Required Classes to Become an RN

Nursing students work supervised hospital shifts called "clinicals."
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Every registered nursing program has its own mix of required classes. There are two educational routes to take to become an RN, or registered nurse: through a two-year associate degree, or ADN, or a four-year bachelor of science in nursing degree, or BSN. Both routes require similar classes for the first two years, but the last two years of the BSN program will include studies of ethics, leadership and management.

General Studies

    General college studies required for nearly every college degree include classes like English, mathematics, social studies and a foreign language. Both ADN and BSN programs include these. Some nursing schools won't accept you into the nursing program until all your prerequisite studies are complete. If you've taken these classes in the past, either for another degree or before you dropped out of college for what seemed like a good reason at the time, talk to your adviser about whether you need to repeat them. If your grades were good, you might not have to repeat them.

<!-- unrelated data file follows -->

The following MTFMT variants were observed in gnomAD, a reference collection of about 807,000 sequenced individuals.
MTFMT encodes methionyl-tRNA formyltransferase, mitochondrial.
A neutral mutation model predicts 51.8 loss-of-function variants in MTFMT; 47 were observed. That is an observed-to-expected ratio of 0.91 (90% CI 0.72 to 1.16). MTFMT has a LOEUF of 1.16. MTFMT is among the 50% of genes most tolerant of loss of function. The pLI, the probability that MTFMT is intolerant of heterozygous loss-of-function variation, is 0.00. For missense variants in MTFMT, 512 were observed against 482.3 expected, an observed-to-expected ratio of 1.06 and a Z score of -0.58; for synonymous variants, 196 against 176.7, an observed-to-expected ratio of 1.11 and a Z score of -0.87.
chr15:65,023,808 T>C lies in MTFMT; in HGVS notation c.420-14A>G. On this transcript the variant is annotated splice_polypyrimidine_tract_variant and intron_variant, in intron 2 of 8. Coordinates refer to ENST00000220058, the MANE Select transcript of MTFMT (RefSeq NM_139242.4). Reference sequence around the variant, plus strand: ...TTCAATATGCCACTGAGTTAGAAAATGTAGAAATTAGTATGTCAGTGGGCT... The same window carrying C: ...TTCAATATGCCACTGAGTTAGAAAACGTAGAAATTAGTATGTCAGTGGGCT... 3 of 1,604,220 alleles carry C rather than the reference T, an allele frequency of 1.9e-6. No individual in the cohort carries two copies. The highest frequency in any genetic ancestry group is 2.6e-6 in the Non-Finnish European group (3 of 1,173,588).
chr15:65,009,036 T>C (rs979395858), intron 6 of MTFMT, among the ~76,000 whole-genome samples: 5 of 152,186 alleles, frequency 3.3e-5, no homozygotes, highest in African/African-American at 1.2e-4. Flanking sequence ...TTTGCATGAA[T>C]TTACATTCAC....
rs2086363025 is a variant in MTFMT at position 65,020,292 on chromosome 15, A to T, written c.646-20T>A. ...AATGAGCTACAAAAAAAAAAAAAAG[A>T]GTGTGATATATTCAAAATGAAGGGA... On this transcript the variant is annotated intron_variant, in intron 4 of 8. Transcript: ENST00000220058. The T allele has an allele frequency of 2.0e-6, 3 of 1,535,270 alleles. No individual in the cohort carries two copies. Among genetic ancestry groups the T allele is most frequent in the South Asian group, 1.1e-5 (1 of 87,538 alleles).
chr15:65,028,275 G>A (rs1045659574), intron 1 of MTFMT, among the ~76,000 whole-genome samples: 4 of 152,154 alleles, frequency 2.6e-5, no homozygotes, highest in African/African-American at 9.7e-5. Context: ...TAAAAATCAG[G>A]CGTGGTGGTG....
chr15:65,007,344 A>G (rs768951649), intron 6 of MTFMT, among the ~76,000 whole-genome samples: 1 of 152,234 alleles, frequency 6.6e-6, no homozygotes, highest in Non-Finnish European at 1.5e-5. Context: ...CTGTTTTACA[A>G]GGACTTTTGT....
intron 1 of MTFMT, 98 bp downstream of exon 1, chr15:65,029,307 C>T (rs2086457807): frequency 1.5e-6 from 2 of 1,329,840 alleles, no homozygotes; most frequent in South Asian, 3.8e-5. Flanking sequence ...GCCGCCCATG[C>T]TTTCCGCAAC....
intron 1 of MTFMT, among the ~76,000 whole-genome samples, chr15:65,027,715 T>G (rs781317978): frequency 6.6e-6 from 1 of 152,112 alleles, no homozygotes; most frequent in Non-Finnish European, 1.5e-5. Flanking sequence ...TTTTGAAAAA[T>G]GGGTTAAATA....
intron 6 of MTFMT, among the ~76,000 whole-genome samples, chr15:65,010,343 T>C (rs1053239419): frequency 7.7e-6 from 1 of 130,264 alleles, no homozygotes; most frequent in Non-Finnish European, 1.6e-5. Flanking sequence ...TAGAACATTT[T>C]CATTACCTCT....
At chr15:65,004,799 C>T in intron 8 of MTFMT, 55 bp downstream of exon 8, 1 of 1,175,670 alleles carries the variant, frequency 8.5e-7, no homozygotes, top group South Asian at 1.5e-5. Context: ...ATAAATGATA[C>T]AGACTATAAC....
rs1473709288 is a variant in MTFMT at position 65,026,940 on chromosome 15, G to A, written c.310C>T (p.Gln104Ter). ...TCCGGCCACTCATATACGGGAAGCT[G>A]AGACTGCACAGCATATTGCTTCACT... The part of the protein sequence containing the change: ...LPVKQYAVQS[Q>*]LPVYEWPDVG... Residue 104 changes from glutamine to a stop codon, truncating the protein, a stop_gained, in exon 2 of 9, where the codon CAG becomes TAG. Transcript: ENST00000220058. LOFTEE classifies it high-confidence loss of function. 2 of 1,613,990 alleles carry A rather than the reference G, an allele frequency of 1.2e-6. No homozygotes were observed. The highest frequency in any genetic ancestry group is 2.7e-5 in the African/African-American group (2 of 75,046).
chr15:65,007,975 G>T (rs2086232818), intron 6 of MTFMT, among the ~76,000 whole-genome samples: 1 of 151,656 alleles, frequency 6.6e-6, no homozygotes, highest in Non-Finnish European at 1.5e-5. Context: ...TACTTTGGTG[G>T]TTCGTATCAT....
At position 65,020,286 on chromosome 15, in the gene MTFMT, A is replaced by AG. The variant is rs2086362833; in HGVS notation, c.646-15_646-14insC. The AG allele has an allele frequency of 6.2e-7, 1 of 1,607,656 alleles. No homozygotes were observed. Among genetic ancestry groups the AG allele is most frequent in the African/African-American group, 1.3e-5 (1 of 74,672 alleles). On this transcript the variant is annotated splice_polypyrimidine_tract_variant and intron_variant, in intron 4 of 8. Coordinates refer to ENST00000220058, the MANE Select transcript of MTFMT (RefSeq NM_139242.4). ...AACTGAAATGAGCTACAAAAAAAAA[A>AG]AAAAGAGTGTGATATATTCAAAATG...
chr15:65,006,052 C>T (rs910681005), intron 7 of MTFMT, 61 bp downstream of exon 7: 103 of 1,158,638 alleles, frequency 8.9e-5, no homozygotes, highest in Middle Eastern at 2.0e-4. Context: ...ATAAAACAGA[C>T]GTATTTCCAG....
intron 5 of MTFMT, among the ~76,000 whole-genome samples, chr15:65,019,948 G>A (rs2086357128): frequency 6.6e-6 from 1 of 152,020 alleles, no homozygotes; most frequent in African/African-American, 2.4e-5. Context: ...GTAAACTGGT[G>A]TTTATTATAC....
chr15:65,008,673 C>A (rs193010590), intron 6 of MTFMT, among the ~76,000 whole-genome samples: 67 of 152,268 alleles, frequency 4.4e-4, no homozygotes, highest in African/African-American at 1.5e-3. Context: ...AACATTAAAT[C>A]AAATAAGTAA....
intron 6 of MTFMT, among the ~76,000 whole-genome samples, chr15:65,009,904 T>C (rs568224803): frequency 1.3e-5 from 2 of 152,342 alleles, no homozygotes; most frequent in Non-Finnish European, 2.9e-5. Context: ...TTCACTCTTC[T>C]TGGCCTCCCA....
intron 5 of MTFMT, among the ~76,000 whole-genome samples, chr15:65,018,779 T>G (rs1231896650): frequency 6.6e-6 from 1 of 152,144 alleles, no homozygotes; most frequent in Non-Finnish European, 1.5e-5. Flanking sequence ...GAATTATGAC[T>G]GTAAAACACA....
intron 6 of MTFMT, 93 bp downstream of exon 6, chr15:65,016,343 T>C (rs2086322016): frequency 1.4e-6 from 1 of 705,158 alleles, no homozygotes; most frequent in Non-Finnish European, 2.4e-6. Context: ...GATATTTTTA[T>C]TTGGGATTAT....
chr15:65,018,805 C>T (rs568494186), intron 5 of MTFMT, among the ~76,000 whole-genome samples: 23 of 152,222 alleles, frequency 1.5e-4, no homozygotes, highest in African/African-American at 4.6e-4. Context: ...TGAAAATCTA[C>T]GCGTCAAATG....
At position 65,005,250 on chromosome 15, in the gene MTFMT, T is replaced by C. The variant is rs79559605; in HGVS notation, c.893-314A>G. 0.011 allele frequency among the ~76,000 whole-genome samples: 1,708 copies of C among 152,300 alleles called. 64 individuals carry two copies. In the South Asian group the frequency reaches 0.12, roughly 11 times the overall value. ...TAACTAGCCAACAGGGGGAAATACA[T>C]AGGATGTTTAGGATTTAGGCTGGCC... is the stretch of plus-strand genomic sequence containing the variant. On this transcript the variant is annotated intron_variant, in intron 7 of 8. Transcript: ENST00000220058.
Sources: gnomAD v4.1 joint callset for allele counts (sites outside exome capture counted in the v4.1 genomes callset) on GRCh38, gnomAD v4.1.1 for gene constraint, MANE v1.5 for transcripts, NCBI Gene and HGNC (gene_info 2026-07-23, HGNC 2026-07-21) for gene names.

Science Courses

    Science courses are a big part of nursing curricula, from anatomy and physiology to chemistry and microbiology. Pharmacology classes and "soft" sciences such as psychology, nutrition, human development and sociology will generally be on the curriculum list as well, along with advanced mathematics such as statistics.

Nursing Classes

    Introduction classes to nursing teach the history of nursing, nursing theory, the importance of cultural differences, how to formulate nursing care plans and the pathophysiology of disease. Fundamental nursing classes will generally also cover pediatrics, obstetrics and mental health, as well as general medical and surgical issues. You may do some "dummy" nursing on mannequins in nursing classes, including learning how to give bed baths, giving injections or inserting Foley catheters on specially-designed mannequins that can't protest if you need two or three tries to get it right.


    The most exciting classes in nursing school are clinical sessions -- shifts spent working in a hospital with real patients under the watchful eye of your nursing instructor. Schools typically have two six-hour clinical sessions per week for each course, for six to 12 weeks, depending on the course, according to "Getting the Most From Nursing School: A Guide to Becoming a Nurse." You rotate through different parts of the hospital, including maternity, pediatrics surgery and mental health. Normally you will be assigned one or possibly two patients per day.

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